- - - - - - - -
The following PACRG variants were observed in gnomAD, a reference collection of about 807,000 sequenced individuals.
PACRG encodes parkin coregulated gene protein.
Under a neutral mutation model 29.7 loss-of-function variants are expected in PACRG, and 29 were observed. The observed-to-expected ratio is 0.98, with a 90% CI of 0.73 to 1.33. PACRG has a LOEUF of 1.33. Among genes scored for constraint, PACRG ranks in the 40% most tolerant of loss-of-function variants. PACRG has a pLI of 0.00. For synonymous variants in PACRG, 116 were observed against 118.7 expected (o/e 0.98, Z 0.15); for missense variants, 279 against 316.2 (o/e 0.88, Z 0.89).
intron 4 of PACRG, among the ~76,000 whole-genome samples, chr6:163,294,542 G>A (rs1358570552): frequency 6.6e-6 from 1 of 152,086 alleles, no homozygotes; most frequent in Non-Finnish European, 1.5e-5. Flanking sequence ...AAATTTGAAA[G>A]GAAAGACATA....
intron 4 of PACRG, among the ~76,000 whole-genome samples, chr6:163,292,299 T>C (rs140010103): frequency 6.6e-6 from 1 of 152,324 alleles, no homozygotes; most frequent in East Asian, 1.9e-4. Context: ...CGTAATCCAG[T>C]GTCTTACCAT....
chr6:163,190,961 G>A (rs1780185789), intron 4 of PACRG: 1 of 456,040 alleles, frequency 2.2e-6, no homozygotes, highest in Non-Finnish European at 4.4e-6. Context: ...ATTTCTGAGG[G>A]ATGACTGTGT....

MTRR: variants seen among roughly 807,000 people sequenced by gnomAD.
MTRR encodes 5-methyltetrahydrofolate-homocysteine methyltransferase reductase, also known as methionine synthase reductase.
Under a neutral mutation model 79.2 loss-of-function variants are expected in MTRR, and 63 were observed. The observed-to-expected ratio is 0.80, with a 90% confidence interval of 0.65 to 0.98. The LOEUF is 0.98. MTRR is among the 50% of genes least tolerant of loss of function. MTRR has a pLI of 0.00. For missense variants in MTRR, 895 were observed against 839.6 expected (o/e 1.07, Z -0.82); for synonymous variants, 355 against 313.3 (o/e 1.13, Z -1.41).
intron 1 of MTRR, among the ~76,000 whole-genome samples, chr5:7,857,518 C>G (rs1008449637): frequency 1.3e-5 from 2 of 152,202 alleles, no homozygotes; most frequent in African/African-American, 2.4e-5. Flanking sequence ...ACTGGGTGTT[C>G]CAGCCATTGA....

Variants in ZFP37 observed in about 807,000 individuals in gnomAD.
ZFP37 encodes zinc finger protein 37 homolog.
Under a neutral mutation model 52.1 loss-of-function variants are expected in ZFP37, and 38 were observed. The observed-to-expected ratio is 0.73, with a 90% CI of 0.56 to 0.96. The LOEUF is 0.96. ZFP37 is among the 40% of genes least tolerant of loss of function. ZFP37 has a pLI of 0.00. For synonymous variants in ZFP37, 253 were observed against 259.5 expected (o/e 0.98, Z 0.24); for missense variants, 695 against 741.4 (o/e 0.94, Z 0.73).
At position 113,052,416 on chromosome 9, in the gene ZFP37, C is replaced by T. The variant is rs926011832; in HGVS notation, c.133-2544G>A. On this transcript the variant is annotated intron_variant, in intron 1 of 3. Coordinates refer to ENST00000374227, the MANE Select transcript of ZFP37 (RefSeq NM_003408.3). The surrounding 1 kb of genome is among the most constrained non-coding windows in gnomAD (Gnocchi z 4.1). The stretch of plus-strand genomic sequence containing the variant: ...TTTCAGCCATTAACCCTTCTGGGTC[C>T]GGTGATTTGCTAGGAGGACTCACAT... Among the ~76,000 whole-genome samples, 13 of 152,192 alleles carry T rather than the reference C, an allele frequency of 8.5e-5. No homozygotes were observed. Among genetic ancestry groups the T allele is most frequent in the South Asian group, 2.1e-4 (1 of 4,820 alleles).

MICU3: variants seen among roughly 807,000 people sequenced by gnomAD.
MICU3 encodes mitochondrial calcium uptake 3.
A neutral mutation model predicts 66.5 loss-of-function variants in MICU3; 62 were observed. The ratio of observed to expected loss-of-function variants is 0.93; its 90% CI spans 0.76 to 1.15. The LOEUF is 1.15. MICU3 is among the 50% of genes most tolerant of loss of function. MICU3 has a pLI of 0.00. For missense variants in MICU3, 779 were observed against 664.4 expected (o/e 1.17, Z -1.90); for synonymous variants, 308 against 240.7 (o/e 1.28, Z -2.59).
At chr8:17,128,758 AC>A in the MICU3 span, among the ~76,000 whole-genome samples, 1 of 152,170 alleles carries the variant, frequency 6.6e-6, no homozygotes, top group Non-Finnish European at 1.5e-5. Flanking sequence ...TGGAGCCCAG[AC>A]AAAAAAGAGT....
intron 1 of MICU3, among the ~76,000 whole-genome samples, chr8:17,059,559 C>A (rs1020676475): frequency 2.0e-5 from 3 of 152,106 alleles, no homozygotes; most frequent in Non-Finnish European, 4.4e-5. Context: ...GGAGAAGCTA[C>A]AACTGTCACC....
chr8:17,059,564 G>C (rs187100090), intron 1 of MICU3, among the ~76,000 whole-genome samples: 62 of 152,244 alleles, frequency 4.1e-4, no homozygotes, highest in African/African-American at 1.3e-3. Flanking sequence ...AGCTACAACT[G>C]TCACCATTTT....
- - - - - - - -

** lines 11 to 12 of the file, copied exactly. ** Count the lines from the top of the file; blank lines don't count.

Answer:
Variants in ZFP37 observed in about 807,000 individuals in gnomAD.
ZFP37 encodes zinc finger protein 37 homolog.